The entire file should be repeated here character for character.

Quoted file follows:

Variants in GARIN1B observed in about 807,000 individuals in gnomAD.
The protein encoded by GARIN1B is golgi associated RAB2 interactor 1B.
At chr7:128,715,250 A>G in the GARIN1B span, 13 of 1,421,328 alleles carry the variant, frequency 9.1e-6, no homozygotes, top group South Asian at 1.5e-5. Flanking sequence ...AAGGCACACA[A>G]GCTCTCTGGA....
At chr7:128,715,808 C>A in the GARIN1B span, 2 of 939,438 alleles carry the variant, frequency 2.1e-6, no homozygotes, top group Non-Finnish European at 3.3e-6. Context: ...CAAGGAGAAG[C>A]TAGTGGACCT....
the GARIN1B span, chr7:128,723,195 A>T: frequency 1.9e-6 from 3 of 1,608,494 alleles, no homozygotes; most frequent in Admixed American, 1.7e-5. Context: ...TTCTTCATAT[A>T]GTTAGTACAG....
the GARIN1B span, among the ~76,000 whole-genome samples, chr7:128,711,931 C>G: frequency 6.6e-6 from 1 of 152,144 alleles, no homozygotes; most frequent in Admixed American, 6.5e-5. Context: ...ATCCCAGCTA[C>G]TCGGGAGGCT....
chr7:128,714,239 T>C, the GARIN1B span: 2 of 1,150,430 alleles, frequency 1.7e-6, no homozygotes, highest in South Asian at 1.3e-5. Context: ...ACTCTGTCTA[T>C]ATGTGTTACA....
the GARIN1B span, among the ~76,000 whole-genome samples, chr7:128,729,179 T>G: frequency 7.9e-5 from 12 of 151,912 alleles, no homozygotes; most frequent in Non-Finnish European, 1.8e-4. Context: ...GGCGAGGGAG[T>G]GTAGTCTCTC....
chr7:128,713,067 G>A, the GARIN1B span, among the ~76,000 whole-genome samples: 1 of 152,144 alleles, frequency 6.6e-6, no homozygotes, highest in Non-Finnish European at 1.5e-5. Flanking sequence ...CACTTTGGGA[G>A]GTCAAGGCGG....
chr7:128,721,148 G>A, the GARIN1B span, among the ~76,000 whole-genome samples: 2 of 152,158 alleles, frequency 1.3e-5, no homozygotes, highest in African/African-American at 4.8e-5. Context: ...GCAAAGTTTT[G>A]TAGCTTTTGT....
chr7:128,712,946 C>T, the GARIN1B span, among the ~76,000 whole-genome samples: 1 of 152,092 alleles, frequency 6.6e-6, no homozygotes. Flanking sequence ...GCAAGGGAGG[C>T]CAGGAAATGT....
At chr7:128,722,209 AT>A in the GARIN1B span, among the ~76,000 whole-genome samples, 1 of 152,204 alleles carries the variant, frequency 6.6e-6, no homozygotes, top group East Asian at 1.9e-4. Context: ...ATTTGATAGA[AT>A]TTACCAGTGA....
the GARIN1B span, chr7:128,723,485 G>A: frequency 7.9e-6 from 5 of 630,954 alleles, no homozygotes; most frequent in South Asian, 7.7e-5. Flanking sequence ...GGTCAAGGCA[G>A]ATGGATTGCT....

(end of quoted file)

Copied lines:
Variants in GARIN1B observed in about 807,000 individuals in gnomAD.
The protein encoded by GARIN1B is golgi associated RAB2 interactor 1B.
At chr7:128,715,250 A>G in the GARIN1B span, 13 of 1,421,328 alleles carry the variant, frequency 9.1e-6, no homozygotes, top group South Asian at 1.5e-5. Flanking sequence ...AAGGCACACA[A>G]GCTCTCTGGA....
At chr7:128,715,808 C>A in the GARIN1B span, 2 of 939,438 alleles carry the variant, frequency 2.1e-6, no homozygotes, top group Non-Finnish European at 3.3e-6. Context: ...CAAGGAGAAG[C>A]TAGTGGACCT....
the GARIN1B span, chr7:128,723,195 A>T: frequency 1.9e-6 from 3 of 1,608,494 alleles, no homozygotes; most frequent in Admixed American, 1.7e-5. Context: ...TTCTTCATAT[A>T]GTTAGTACAG....
the GARIN1B span, among the ~76,000 whole-genome samples, chr7:128,711,931 C>G: frequency 6.6e-6 from 1 of 152,144 alleles, no homozygotes; most frequent in Admixed American, 6.5e-5. Context: ...ATCCCAGCTA[C>G]TCGGGAGGCT....
chr7:128,714,239 T>C, the GARIN1B span: 2 of 1,150,430 alleles, frequency 1.7e-6, no homozygotes, highest in South Asian at 1.3e-5. Context: ...ACTCTGTCTA[T>C]ATGTGTTACA....
the GARIN1B span, among the ~76,000 whole-genome samples, chr7:128,729,179 T>G: frequency 7.9e-5 from 12 of 151,912 alleles, no homozygotes; most frequent in Non-Finnish European, 1.8e-4. Context: ...GGCGAGGGAG[T>G]GTAGTCTCTC....
chr7:128,713,067 G>A, the GARIN1B span, among the ~76,000 whole-genome samples: 1 of 152,144 alleles, frequency 6.6e-6, no homozygotes, highest in Non-Finnish European at 1.5e-5. Flanking sequence ...CACTTTGGGA[G>A]GTCAAGGCGG....
chr7:128,721,148 G>A, the GARIN1B span, among the ~76,000 whole-genome samples: 2 of 152,158 alleles, frequency 1.3e-5, no homozygotes, highest in African/African-American at 4.8e-5. Context: ...GCAAAGTTTT[G>A]TAGCTTTTGT....
chr7:128,712,946 C>T, the GARIN1B span, among the ~76,000 whole-genome samples: 1 of 152,092 alleles, frequency 6.6e-6, no homozygotes. Flanking sequence ...GCAAGGGAGG[C>T]CAGGAAATGT....
At chr7:128,722,209 AT>A in the GARIN1B span, among the ~76,000 whole-genome samples, 1 of 152,204 alleles carries the variant, frequency 6.6e-6, no homozygotes, top group East Asian at 1.9e-4. Context: ...ATTTGATAGA[AT>A]TTACCAGTGA....
the GARIN1B span, chr7:128,723,485 G>A: frequency 7.9e-6 from 5 of 630,954 alleles, no homozygotes; most frequent in South Asian, 7.7e-5. Flanking sequence ...GGTCAAGGCA[G>A]ATGGATTGCT....